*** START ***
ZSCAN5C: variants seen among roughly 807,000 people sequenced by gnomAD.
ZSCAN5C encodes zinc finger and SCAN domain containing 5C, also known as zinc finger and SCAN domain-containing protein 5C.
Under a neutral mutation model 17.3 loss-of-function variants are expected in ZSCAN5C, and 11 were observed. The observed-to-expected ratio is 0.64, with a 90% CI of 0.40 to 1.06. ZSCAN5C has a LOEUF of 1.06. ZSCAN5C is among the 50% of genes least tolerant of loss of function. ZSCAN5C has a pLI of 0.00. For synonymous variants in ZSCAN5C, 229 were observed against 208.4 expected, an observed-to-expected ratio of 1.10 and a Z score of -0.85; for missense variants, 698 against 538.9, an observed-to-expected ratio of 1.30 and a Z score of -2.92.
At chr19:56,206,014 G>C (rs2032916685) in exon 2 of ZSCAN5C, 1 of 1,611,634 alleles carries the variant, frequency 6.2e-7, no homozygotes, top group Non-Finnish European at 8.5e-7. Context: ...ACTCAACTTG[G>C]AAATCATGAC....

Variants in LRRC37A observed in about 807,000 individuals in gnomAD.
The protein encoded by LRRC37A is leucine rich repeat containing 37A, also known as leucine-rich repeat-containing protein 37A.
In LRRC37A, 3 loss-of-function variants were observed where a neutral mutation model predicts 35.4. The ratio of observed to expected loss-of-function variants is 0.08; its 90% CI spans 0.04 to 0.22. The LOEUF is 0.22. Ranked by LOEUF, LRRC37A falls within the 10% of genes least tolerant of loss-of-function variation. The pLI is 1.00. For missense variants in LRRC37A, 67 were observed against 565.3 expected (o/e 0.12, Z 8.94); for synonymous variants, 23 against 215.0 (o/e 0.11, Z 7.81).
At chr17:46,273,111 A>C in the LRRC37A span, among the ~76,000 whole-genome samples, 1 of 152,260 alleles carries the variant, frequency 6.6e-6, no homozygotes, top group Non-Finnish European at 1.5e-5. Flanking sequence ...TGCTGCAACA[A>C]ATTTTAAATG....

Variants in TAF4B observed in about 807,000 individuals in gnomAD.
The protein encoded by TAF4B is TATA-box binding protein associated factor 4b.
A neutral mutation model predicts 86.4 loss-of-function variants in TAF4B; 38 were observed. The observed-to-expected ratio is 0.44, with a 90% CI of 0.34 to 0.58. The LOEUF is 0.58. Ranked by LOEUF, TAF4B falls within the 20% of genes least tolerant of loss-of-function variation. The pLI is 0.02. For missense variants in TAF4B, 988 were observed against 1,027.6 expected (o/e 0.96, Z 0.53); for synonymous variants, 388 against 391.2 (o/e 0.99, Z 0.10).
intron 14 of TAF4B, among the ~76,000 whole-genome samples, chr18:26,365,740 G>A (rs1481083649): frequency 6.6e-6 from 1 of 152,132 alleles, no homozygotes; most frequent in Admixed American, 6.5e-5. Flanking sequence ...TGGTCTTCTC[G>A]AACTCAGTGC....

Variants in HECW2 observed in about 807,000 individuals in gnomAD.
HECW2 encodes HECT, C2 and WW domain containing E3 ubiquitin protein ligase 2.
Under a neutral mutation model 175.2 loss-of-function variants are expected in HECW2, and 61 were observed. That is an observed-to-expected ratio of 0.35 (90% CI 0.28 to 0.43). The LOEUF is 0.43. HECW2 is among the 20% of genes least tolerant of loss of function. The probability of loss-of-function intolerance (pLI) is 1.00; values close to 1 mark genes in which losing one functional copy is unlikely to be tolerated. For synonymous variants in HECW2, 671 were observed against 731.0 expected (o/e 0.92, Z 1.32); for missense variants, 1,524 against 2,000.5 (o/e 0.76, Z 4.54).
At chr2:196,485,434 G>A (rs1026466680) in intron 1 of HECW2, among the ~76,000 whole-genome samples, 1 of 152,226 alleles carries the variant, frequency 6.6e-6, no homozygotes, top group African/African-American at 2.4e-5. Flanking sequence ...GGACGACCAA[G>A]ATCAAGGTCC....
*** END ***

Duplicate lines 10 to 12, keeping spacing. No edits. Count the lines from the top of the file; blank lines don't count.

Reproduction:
The protein encoded by TAF4B is TATA-box binding protein associated factor 4b.
A neutral mutation model predicts 86.4 loss-of-function variants in TAF4B; 38 were observed. The observed-to-expected ratio is 0.44, with a 90% CI of 0.34 to 0.58. The LOEUF is 0.58. Ranked by LOEUF, TAF4B falls within the 20% of genes least tolerant of loss-of-function variation. The pLI is 0.02. For missense variants in TAF4B, 988 were observed against 1,027.6 expected (o/e 0.96, Z 0.53); for synonymous variants, 388 against 391.2 (o/e 0.99, Z 0.10).
intron 14 of TAF4B, among the ~76,000 whole-genome samples, chr18:26,365,740 G>A (rs1481083649): frequency 6.6e-6 from 1 of 152,132 alleles, no homozygotes; most frequent in Admixed American, 6.5e-5. Flanking sequence ...TGGTCTTCTC[G>A]AACTCAGTGC....